The speaker gave a presentation about going through dark tunnels and shared deeply personal stories of trauma. NOT what I was expecting at a networking/business luncheon! I was immediately triggered and wanted to flee. It took me several hours afterwards to work through the upsurge of emotions and settle back down.

It reminded me far too vividly of the darkness of the past two weeks. Of the near-constant thoughts of ending my own life. Of how, even though things look great now, only a few short days ago they were anything but.

Those two weeks of darkness were a result of my medication. This COMMON side effect of taking antidepressants is why I am choosing to wean myself off of them. I do NOT want that as a part of my life.

While I did not go so far as to make plans or take actions, it was devastating and full of despair. It scared me. Badly. It felt hopeless. I was scared that my brain would take me one step further, and I wouldn't see it coming.

I activated my support network. I told them what I needed. I got through it. And I'll be going much slower, much more gradually in this last, long stretch of tapering. You see, the worst part of the path is going from 5mg to 0mg, and then it's actually worse once you've stopped completely.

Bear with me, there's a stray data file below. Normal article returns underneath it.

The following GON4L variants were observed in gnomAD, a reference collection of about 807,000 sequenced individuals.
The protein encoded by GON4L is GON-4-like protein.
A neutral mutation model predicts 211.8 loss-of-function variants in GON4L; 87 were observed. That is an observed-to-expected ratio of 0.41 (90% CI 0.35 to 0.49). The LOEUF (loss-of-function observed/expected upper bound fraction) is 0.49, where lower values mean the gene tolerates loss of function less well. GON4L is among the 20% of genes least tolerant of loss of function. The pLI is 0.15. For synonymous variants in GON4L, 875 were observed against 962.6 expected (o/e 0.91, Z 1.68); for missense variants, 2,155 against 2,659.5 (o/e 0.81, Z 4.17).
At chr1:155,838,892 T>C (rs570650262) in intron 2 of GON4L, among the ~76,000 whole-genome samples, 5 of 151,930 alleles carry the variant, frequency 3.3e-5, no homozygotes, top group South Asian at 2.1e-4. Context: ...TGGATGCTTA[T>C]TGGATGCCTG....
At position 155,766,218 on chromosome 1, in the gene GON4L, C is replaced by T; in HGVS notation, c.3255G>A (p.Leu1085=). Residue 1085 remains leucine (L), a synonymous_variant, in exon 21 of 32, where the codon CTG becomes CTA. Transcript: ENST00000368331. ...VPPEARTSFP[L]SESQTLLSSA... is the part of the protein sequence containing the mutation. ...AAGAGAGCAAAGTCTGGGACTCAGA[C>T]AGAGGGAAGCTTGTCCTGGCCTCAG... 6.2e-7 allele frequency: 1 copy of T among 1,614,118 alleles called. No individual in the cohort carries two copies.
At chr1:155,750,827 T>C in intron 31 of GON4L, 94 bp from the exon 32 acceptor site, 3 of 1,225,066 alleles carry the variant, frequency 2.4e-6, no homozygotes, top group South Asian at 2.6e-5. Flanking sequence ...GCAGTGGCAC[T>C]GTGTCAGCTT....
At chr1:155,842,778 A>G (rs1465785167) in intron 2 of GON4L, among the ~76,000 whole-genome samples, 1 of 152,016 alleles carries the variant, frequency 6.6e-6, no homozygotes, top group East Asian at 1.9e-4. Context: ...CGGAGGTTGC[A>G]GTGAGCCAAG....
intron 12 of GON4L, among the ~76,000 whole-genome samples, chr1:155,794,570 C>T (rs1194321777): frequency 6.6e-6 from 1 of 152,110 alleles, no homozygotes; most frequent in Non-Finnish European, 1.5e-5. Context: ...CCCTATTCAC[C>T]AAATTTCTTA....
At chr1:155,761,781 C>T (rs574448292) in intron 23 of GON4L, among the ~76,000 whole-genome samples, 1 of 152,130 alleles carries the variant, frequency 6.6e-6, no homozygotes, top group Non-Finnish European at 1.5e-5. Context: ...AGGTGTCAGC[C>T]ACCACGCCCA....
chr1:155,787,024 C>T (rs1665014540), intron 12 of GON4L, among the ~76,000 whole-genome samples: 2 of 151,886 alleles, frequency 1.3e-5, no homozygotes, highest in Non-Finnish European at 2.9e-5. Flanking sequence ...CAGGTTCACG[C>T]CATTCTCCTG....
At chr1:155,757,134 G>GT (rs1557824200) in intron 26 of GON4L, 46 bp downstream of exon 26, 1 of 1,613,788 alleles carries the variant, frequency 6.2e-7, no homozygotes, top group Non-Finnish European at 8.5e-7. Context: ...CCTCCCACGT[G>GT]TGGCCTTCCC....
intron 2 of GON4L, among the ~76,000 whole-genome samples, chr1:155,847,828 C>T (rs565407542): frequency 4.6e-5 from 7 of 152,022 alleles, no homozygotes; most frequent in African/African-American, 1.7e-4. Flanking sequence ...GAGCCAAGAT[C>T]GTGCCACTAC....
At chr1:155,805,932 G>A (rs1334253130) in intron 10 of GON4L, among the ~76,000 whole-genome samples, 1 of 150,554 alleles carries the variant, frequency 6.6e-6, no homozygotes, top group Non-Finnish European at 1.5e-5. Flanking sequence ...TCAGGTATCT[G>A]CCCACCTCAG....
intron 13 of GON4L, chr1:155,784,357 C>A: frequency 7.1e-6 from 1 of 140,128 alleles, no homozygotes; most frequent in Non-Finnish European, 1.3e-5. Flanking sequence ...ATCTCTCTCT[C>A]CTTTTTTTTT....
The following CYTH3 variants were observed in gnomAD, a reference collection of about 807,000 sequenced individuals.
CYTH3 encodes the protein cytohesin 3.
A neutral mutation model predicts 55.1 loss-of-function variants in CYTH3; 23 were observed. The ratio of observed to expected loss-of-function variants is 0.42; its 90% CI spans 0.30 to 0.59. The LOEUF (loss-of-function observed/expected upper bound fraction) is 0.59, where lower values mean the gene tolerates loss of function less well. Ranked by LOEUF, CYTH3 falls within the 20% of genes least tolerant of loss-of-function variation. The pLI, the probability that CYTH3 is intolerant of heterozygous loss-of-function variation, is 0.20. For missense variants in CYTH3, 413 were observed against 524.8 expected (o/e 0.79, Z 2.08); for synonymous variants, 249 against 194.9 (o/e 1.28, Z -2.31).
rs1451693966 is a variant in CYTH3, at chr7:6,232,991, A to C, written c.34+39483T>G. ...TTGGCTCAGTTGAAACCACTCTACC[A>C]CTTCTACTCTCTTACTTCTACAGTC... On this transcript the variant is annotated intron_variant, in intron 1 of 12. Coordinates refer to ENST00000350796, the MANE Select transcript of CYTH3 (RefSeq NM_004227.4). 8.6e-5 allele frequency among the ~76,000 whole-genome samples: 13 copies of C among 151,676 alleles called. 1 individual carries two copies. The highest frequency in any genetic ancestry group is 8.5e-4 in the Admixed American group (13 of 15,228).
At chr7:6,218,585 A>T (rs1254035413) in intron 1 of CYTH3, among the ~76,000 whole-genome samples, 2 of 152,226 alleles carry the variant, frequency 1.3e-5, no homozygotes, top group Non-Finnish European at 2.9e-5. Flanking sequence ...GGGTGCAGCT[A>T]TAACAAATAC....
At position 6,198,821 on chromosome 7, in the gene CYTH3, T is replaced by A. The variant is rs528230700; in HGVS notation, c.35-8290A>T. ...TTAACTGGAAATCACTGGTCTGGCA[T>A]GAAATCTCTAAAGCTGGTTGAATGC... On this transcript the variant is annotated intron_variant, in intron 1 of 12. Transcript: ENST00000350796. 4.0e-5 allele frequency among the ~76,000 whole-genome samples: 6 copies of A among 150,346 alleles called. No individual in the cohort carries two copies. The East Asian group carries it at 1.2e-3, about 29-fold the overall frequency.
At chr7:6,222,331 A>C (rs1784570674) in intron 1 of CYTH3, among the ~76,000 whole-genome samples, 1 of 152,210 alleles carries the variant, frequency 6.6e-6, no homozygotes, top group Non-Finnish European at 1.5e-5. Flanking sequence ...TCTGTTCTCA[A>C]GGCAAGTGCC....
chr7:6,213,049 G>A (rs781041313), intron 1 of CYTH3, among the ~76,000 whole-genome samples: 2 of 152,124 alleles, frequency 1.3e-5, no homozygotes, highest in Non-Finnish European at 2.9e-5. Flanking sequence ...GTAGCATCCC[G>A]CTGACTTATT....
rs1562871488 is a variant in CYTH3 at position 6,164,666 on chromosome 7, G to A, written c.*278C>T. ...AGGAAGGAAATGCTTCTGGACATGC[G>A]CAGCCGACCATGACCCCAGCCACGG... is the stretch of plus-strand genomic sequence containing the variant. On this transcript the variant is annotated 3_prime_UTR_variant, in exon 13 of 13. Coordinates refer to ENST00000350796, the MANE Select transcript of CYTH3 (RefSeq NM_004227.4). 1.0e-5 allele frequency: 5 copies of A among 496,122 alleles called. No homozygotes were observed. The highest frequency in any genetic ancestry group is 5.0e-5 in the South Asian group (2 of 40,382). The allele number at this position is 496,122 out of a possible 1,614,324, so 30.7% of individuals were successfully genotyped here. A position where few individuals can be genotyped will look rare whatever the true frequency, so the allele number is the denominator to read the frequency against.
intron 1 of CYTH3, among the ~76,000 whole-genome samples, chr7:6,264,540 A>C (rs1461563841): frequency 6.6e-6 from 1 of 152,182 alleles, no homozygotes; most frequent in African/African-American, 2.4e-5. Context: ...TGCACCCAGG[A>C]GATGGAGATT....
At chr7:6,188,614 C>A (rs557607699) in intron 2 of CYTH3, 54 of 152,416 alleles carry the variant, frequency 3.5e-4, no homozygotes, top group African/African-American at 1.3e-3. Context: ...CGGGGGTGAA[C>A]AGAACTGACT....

I could go into detail about the scientific data that supports low dose tapering and the effectiveness and strength of the drug in low doses, but you can find and read that for yourself. Basically, it's going to be challenging and full of trials.

I'm giving myself the next 4 months to build resiliency. To fully stabilize. And to get some work done. It's a good thing that I went through the bad stuff during a slow time because I didn't have to reschedule and cancel 15 client's worth of appointments during a low. Now that it's the time of busy, I'm going to stay here and work hard.

I don't know what the rest of this year is going to look like. What it's going to bring me. Maybe it won't be as hard as I'm fearing. Maybe it will be worse.

But I'm still here.

And I will adventure on.

Danielle

If you are struggling with anxiety, depression, tapering, or suicidal thoughts, know that you are not alone and that there are resources out there to help you.

National Crisis Hotline 1-800-273-8255

survivingantidepressants.org

Counseling, yoga, meditation, chiropractic, massage, essential oils, nutrition, reading, sleep, friends, family, roommates, neighbors, religion, coaching, support groups, nature. Try a tool. Try another tool. Find what works for you. Have a plan for the low times before the low times strike. Pick up the phone. Call one person. You don't have to go it alone. You don't have to know what to do. Others can help you. Others will help you. Keep fighting.

A special thank you to my Facebook support group (you know who you are), my friend Mindy, my dad, and my roommate Lynne.